Of course, a personalized rejection still means “no.”

The typing is mine,
the handwriting is Sam's
My goal was to collect acceptances, not rejections, so I persevered: A single rejection the first year, four the second, 34 the third, and a whopping 74 the fourth. They came in all sizes and shapes, from scraps of paper containing a simple scrawled note (Sam Merwin, Jr., rejecting a story sent to Mike Shayne Mystery Magazine) to four-color full-page form rejection letters that cost more to print than I earned from many of my earliest sales.

Most rejections provided little information beyond the preprinted message. Others contained checklists where editors, by one or more strokes of the pen, identified the way or ways my story failed to engage them. Still others provided handwritten words of encouragement: “Not bad,” “Fine writing,” and “Try us again.”

O'Neil De Noux fails to recognize
the genius of my early work
The best—though they were still rejections—were the long notes and letters providing detailed reasons for rejection and providing suggestions for improvement. Sometimes, they even provided lessons on writing: Gentleman’s Companion editor Ted Newsom’s page-and-a-half letter on the value of writing transitions rather than using jump-cuts springs to mind, as do several letters from horror anthologist Charles L. Grant and several incredibly detailed, multi-page letters from Amazing Stories editor Kim Mohan. (Note: I placed two stories with Ted Newsom and one with Charles L. Grant, but I never did place one with Kim Mohan.)

And one rejection, from Mystery Street, may have been my first encounter with fellow SleuthSayer O’Neil De Noux!

THIS IS YOUR BRAIN ON REJECTIONS

During the 40-plus years I’ve been writing, my stories have been rejected by 71 mystery periodicals—the five that existed in the 1980s and 66 more since then—and an uncounted number of mystery anthologies, including both print and electronic publications. (Note: In “Poster Child,” my recent guest post at Something is Going to Happen, I actually name the many mystery periodicals that have come and mostly gone since I began writing short mystery fiction.)

I’m unsure if a multitude of rejections indicates when I’m having a good year or a bad year, but I received 204 rejections in 1991 (I received 84 acceptances that year). On the flip side, I received only three in 1989 (I received four acceptances that year). More recently, acceptances and rejections are near equilibrium: 39 rejections vs. 37 acceptances in 2017; 35 rejections vs. 45 acceptances in 2016; and 31 rejections vs. 42 acceptances in 2015.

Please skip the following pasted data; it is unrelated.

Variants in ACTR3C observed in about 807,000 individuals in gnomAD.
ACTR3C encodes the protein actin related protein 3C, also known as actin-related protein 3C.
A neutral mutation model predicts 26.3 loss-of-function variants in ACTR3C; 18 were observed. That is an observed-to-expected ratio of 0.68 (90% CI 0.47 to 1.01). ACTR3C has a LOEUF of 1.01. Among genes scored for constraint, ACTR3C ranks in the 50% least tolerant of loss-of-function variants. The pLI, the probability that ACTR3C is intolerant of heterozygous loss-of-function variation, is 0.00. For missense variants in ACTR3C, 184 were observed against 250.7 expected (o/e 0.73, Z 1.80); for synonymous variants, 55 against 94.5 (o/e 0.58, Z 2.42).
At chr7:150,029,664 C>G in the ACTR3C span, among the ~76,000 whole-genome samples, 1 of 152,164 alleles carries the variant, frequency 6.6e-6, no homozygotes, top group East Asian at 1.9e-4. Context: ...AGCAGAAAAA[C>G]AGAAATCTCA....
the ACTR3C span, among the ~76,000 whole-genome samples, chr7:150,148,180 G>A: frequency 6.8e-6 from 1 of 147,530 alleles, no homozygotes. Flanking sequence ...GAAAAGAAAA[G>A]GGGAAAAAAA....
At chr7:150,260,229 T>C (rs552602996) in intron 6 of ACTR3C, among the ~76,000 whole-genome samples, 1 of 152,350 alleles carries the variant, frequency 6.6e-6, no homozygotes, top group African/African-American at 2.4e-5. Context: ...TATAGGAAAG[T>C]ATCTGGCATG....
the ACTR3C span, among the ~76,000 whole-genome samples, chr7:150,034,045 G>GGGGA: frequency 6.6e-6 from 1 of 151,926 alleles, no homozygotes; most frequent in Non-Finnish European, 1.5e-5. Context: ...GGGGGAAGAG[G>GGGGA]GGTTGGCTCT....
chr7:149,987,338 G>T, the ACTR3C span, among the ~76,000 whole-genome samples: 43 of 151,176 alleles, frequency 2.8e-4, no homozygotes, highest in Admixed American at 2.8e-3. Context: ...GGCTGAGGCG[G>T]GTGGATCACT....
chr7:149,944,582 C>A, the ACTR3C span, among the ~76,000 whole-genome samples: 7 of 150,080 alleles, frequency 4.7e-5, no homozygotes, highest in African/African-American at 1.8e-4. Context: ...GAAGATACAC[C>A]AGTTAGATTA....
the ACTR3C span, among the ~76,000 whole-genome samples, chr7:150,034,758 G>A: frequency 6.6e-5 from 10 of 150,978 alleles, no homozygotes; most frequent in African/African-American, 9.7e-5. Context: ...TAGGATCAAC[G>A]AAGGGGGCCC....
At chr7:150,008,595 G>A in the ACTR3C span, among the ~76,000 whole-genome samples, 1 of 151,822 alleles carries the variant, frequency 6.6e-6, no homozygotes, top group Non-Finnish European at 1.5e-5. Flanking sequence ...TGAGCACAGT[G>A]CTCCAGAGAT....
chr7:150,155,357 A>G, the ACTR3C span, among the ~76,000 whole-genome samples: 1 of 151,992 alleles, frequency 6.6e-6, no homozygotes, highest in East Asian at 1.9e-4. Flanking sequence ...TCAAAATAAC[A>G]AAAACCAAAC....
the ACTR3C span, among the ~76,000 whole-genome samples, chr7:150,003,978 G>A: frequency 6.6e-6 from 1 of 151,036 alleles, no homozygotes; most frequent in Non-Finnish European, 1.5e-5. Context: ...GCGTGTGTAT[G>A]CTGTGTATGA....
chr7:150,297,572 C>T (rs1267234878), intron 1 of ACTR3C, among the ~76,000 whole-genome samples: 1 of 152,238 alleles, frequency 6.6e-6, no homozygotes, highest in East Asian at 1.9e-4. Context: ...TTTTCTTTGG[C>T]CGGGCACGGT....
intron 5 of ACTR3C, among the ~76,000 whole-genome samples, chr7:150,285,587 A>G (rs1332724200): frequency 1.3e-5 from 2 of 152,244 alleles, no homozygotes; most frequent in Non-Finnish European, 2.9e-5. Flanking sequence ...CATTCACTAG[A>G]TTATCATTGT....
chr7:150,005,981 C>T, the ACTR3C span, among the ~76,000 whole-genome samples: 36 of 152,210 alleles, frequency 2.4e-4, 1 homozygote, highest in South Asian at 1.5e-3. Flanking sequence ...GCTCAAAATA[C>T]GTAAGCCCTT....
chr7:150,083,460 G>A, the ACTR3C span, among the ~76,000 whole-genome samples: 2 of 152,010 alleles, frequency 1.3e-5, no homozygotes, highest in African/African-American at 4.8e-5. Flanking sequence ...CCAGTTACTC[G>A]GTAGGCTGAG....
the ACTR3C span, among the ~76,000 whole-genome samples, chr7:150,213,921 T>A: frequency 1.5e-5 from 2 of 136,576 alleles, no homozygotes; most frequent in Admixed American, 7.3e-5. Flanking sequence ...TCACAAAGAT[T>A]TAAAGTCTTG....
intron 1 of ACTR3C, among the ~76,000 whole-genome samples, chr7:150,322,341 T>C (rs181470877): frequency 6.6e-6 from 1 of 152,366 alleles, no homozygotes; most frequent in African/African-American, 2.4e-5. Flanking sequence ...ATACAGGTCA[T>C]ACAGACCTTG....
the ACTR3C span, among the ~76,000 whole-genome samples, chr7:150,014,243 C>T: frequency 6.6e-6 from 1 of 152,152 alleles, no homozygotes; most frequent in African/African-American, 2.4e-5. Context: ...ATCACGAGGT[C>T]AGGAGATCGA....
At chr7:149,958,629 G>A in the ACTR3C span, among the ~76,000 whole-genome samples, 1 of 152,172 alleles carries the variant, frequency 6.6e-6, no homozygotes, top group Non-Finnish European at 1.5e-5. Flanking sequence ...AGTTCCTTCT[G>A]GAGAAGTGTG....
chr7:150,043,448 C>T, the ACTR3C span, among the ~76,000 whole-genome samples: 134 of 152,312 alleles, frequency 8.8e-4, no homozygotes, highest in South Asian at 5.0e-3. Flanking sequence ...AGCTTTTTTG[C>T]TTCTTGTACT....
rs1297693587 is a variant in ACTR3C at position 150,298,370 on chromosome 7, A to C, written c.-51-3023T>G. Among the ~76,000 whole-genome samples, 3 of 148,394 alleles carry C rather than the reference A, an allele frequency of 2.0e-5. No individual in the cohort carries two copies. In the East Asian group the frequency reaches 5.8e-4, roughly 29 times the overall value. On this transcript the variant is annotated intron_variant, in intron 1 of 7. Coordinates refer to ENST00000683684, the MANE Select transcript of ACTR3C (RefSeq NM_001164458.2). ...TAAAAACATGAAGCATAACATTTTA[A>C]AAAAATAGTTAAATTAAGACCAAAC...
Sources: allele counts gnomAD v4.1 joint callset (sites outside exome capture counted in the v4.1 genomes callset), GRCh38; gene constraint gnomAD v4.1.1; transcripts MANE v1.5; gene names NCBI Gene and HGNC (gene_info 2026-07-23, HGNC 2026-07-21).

Though the majority of rejections are in response to short story submissions, mixed among the many early rejections are those for articles, essays, fillers, poems, and short humor. I was shotgunning the market back then, trying anything and everything, and hoping something stuck. (And not every rejection generates a rejection slip—Woman’s World, for example, does not send rejections—so I’ve received more rejections than rejection slips.)

Rejections mess with your head. Being told no 2,552 times is quite disheartening. Some writers give up after the first few dozen. Other writers receive rejections and only become more determined. Many writers play rejectomancy, attempting to read between the lines of every rejection. (Aeryn Rudel, in his blog Rejectomancy, which I follow, attempts to decode and rank rejections into various tiers, from “Common Form Rejections” to “Higher-Tier Form Rejections.” Though most of Aeryn’s data comes from the horror, science fiction, and fantasy markets, the information he provides is both entertaining and informative.)

REJECTION-FREE IS THE WAY TO BE

Were it not for the lessons I learned from those long, detailed rejection letters, I may have become one of the many would-be writers whose shattered egos and unpublishable manuscripts litter the literary highway. Lack of ability quashed my music career and my artwork never gained traction, so I focused my creative energy on writing and, over time, began to accumulate acceptances: 1,584 of them (more than 1,200 are for short stories).